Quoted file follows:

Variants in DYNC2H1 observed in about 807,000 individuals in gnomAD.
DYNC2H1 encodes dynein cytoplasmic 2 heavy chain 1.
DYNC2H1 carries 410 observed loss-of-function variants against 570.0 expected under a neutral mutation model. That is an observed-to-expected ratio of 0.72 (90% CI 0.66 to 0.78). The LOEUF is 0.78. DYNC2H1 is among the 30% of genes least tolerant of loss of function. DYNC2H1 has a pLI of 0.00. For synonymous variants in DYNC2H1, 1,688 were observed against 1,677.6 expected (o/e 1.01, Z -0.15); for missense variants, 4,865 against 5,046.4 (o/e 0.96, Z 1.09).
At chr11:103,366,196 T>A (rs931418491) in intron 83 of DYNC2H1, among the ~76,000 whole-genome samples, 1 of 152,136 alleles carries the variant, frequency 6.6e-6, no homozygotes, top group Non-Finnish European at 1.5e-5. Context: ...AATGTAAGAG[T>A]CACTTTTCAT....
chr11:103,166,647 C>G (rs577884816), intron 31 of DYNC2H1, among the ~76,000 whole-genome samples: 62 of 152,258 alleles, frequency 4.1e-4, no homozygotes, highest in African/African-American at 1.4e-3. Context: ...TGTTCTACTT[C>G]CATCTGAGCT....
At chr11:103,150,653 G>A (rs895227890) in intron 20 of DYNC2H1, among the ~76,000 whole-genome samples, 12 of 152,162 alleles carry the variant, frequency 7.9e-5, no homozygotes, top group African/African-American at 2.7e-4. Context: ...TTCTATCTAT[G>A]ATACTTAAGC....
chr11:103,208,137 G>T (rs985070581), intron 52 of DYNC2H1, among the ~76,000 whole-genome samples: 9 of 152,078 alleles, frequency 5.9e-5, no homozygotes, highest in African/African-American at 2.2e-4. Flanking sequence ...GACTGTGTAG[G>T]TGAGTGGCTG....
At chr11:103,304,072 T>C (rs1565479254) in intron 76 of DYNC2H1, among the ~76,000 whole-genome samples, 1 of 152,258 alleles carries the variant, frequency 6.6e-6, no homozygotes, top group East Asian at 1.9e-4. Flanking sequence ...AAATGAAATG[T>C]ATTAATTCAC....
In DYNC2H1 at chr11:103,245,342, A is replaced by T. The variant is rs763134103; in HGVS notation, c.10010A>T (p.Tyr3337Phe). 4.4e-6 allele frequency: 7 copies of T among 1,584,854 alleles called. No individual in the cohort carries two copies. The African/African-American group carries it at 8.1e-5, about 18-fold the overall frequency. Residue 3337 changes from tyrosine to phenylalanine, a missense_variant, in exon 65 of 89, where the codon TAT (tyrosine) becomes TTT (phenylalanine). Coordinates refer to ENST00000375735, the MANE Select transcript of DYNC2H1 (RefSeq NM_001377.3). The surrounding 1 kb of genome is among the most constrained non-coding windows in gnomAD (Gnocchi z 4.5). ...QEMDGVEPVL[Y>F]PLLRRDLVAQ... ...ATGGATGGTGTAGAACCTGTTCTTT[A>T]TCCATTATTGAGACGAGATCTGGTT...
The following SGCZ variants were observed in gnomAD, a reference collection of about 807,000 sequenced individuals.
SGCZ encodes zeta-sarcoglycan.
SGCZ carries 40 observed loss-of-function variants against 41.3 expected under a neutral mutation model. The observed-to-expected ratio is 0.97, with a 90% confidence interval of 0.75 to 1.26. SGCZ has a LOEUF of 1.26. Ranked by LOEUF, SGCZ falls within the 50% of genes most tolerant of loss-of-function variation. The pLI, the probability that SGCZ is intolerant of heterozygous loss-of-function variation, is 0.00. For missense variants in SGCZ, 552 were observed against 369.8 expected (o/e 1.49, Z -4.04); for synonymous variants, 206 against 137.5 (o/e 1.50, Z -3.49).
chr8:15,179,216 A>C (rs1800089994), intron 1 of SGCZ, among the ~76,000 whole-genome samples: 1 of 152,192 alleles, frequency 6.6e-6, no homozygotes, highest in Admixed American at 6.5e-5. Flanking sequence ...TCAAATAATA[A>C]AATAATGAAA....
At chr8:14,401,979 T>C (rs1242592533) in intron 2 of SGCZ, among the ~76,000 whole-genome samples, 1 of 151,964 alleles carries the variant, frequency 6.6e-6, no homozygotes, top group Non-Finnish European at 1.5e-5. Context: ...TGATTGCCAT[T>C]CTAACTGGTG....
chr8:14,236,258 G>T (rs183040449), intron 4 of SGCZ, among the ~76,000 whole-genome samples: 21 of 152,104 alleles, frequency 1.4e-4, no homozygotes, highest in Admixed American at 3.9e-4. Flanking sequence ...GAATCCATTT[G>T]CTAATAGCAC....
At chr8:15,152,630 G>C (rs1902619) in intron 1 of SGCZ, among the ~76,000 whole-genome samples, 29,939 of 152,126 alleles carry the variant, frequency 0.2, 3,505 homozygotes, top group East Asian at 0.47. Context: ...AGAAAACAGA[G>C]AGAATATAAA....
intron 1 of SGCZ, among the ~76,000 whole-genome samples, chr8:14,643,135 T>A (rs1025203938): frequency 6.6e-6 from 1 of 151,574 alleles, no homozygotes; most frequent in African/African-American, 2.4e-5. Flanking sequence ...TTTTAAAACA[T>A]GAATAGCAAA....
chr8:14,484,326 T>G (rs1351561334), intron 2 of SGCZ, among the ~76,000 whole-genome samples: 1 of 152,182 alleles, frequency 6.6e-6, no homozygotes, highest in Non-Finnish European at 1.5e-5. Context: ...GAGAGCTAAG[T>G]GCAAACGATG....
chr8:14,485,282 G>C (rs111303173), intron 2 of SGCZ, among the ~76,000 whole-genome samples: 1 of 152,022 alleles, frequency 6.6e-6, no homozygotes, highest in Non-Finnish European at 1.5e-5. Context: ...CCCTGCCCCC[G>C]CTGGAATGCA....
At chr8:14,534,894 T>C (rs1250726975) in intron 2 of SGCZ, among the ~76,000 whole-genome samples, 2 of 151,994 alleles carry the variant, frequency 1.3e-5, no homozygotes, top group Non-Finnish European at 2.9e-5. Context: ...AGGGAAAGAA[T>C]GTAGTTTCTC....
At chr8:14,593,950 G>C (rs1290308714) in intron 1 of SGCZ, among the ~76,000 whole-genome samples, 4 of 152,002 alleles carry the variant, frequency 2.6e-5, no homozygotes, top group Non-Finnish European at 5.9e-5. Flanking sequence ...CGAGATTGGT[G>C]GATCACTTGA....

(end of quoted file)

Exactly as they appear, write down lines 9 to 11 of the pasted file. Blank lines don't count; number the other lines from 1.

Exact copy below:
In DYNC2H1 at chr11:103,245,342, A is replaced by T. The variant is rs763134103; in HGVS notation, c.10010A>T (p.Tyr3337Phe). 4.4e-6 allele frequency: 7 copies of T among 1,584,854 alleles called. No individual in the cohort carries two copies. The African/African-American group carries it at 8.1e-5, about 18-fold the overall frequency. Residue 3337 changes from tyrosine to phenylalanine, a missense_variant, in exon 65 of 89, where the codon TAT (tyrosine) becomes TTT (phenylalanine). Coordinates refer to ENST00000375735, the MANE Select transcript of DYNC2H1 (RefSeq NM_001377.3). The surrounding 1 kb of genome is among the most constrained non-coding windows in gnomAD (Gnocchi z 4.5). ...QEMDGVEPVL[Y>F]PLLRRDLVAQ... ...ATGGATGGTGTAGAACCTGTTCTTT[A>T]TCCATTATTGAGACGAGATCTGGTT...
The following SGCZ variants were observed in gnomAD, a reference collection of about 807,000 sequenced individuals.
SGCZ encodes zeta-sarcoglycan.